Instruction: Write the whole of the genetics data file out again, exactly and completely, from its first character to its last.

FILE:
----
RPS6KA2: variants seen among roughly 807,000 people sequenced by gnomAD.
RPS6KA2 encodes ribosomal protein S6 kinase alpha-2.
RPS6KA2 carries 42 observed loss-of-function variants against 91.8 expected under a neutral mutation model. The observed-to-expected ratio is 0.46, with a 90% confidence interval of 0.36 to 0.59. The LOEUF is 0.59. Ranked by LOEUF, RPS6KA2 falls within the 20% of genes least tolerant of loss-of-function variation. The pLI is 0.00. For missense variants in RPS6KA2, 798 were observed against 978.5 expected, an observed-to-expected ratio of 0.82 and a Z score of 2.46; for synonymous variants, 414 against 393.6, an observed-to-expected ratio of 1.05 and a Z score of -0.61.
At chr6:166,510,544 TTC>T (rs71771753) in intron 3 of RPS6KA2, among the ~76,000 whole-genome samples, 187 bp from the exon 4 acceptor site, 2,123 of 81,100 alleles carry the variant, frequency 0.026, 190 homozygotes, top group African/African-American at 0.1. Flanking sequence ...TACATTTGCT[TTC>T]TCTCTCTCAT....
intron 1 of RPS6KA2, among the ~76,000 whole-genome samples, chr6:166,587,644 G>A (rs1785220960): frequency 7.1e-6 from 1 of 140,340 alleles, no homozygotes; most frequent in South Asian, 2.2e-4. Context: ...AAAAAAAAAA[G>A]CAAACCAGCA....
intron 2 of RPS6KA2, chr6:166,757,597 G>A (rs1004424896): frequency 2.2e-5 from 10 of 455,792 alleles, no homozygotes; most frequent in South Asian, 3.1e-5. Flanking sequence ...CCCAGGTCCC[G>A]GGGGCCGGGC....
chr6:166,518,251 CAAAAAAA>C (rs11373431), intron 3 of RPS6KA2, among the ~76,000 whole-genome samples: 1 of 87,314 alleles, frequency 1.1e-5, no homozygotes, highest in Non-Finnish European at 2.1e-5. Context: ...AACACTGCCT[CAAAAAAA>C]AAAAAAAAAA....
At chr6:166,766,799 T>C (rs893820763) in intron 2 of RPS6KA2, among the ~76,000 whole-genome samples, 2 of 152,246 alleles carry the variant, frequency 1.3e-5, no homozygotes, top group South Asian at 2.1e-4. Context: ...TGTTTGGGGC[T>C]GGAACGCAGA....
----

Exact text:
RPS6KA2: variants seen among roughly 807,000 people sequenced by gnomAD.
RPS6KA2 encodes ribosomal protein S6 kinase alpha-2.
RPS6KA2 carries 42 observed loss-of-function variants against 91.8 expected under a neutral mutation model. The observed-to-expected ratio is 0.46, with a 90% confidence interval of 0.36 to 0.59. The LOEUF is 0.59. Ranked by LOEUF, RPS6KA2 falls within the 20% of genes least tolerant of loss-of-function variation. The pLI is 0.00. For missense variants in RPS6KA2, 798 were observed against 978.5 expected, an observed-to-expected ratio of 0.82 and a Z score of 2.46; for synonymous variants, 414 against 393.6, an observed-to-expected ratio of 1.05 and a Z score of -0.61.
At chr6:166,510,544 TTC>T (rs71771753) in intron 3 of RPS6KA2, among the ~76,000 whole-genome samples, 187 bp from the exon 4 acceptor site, 2,123 of 81,100 alleles carry the variant, frequency 0.026, 190 homozygotes, top group African/African-American at 0.1. Flanking sequence ...TACATTTGCT[TTC>T]TCTCTCTCAT....
intron 1 of RPS6KA2, among the ~76,000 whole-genome samples, chr6:166,587,644 G>A (rs1785220960): frequency 7.1e-6 from 1 of 140,340 alleles, no homozygotes; most frequent in South Asian, 2.2e-4. Context: ...AAAAAAAAAA[G>A]CAAACCAGCA....
intron 2 of RPS6KA2, chr6:166,757,597 G>A (rs1004424896): frequency 2.2e-5 from 10 of 455,792 alleles, no homozygotes; most frequent in South Asian, 3.1e-5. Flanking sequence ...CCCAGGTCCC[G>A]GGGGCCGGGC....
chr6:166,518,251 CAAAAAAA>C (rs11373431), intron 3 of RPS6KA2, among the ~76,000 whole-genome samples: 1 of 87,314 alleles, frequency 1.1e-5, no homozygotes, highest in Non-Finnish European at 2.1e-5. Context: ...AACACTGCCT[CAAAAAAA>C]AAAAAAAAAA....
At chr6:166,766,799 T>C (rs893820763) in intron 2 of RPS6KA2, among the ~76,000 whole-genome samples, 2 of 152,246 alleles carry the variant, frequency 1.3e-5, no homozygotes, top group South Asian at 2.1e-4. Context: ...TGTTTGGGGC[T>C]GGAACGCAGA....